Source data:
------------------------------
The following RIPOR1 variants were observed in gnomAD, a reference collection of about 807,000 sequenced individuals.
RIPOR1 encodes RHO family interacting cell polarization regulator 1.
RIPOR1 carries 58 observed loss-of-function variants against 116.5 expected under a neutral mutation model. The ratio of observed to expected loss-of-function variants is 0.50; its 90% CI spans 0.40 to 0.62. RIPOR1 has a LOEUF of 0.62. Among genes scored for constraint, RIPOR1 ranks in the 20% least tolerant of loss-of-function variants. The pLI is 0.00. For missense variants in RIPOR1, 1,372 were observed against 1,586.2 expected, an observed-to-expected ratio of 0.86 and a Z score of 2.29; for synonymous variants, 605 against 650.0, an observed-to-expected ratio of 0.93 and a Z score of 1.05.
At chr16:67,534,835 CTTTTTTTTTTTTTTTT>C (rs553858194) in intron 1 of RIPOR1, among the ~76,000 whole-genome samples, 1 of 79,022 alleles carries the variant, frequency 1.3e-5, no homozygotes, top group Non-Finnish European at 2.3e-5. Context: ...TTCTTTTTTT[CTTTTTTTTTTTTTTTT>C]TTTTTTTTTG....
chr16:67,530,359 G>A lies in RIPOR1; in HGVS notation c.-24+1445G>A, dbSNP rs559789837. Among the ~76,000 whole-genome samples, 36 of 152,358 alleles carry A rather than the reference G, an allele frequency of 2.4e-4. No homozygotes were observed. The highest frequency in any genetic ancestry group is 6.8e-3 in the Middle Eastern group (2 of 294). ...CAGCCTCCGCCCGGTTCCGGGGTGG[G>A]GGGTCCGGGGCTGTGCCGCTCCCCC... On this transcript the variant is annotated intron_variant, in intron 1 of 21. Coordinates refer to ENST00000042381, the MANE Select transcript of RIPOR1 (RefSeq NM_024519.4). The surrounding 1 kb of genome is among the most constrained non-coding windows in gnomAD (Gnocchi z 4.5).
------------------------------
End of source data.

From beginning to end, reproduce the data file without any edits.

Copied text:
The following RIPOR1 variants were observed in gnomAD, a reference collection of about 807,000 sequenced individuals.
RIPOR1 encodes RHO family interacting cell polarization regulator 1.
RIPOR1 carries 58 observed loss-of-function variants against 116.5 expected under a neutral mutation model. The ratio of observed to expected loss-of-function variants is 0.50; its 90% CI spans 0.40 to 0.62. RIPOR1 has a LOEUF of 0.62. Among genes scored for constraint, RIPOR1 ranks in the 20% least tolerant of loss-of-function variants. The pLI is 0.00. For missense variants in RIPOR1, 1,372 were observed against 1,586.2 expected, an observed-to-expected ratio of 0.86 and a Z score of 2.29; for synonymous variants, 605 against 650.0, an observed-to-expected ratio of 0.93 and a Z score of 1.05.
At chr16:67,534,835 CTTTTTTTTTTTTTTTT>C (rs553858194) in intron 1 of RIPOR1, among the ~76,000 whole-genome samples, 1 of 79,022 alleles carries the variant, frequency 1.3e-5, no homozygotes, top group Non-Finnish European at 2.3e-5. Context: ...TTCTTTTTTT[CTTTTTTTTTTTTTTTT>C]TTTTTTTTTG....
chr16:67,530,359 G>A lies in RIPOR1; in HGVS notation c.-24+1445G>A, dbSNP rs559789837. Among the ~76,000 whole-genome samples, 36 of 152,358 alleles carry A rather than the reference G, an allele frequency of 2.4e-4. No homozygotes were observed. The highest frequency in any genetic ancestry group is 6.8e-3 in the Middle Eastern group (2 of 294). ...CAGCCTCCGCCCGGTTCCGGGGTGG[G>A]GGGTCCGGGGCTGTGCCGCTCCCCC... On this transcript the variant is annotated intron_variant, in intron 1 of 21. Coordinates refer to ENST00000042381, the MANE Select transcript of RIPOR1 (RefSeq NM_024519.4). The surrounding 1 kb of genome is among the most constrained non-coding windows in gnomAD (Gnocchi z 4.5).